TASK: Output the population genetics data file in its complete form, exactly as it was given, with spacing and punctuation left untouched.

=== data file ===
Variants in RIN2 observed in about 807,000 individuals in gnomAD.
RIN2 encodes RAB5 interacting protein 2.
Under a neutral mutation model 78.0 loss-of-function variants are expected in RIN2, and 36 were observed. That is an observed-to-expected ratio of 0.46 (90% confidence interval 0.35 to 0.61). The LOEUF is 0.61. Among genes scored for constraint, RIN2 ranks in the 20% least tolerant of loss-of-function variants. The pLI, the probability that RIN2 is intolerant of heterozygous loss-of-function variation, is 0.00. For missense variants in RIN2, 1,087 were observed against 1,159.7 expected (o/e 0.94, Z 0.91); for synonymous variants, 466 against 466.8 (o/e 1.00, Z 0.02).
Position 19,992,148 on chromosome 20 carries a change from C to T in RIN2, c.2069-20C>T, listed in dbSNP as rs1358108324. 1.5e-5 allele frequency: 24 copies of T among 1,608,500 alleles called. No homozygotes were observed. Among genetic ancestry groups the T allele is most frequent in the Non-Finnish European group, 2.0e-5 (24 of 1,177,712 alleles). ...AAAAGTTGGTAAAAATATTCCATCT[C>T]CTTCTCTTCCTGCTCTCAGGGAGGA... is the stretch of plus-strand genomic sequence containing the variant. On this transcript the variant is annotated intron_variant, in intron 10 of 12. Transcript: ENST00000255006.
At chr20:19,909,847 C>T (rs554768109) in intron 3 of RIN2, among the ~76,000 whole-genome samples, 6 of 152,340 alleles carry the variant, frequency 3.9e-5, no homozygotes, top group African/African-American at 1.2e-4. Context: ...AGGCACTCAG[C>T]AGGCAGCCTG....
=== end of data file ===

Variants in RIN2 observed in about 807,000 individuals in gnomAD.
RIN2 encodes RAB5 interacting protein 2.
Under a neutral mutation model 78.0 loss-of-function variants are expected in RIN2, and 36 were observed. That is an observed-to-expected ratio of 0.46 (90% confidence interval 0.35 to 0.61). The LOEUF is 0.61. Among genes scored for constraint, RIN2 ranks in the 20% least tolerant of loss-of-function variants. The pLI, the probability that RIN2 is intolerant of heterozygous loss-of-function variation, is 0.00. For missense variants in RIN2, 1,087 were observed against 1,159.7 expected (o/e 0.94, Z 0.91); for synonymous variants, 466 against 466.8 (o/e 1.00, Z 0.02).
Position 19,992,148 on chromosome 20 carries a change from C to T in RIN2, c.2069-20C>T, listed in dbSNP as rs1358108324. 1.5e-5 allele frequency: 24 copies of T among 1,608,500 alleles called. No homozygotes were observed. Among genetic ancestry groups the T allele is most frequent in the Non-Finnish European group, 2.0e-5 (24 of 1,177,712 alleles). ...AAAAGTTGGTAAAAATATTCCATCT[C>T]CTTCTCTTCCTGCTCTCAGGGAGGA... is the stretch of plus-strand genomic sequence containing the variant. On this transcript the variant is annotated intron_variant, in intron 10 of 12. Transcript: ENST00000255006.
At chr20:19,909,847 C>T (rs554768109) in intron 3 of RIN2, among the ~76,000 whole-genome samples, 6 of 152,340 alleles carry the variant, frequency 3.9e-5, no homozygotes, top group African/African-American at 1.2e-4. Context: ...AGGCACTCAG[C>T]AGGCAGCCTG....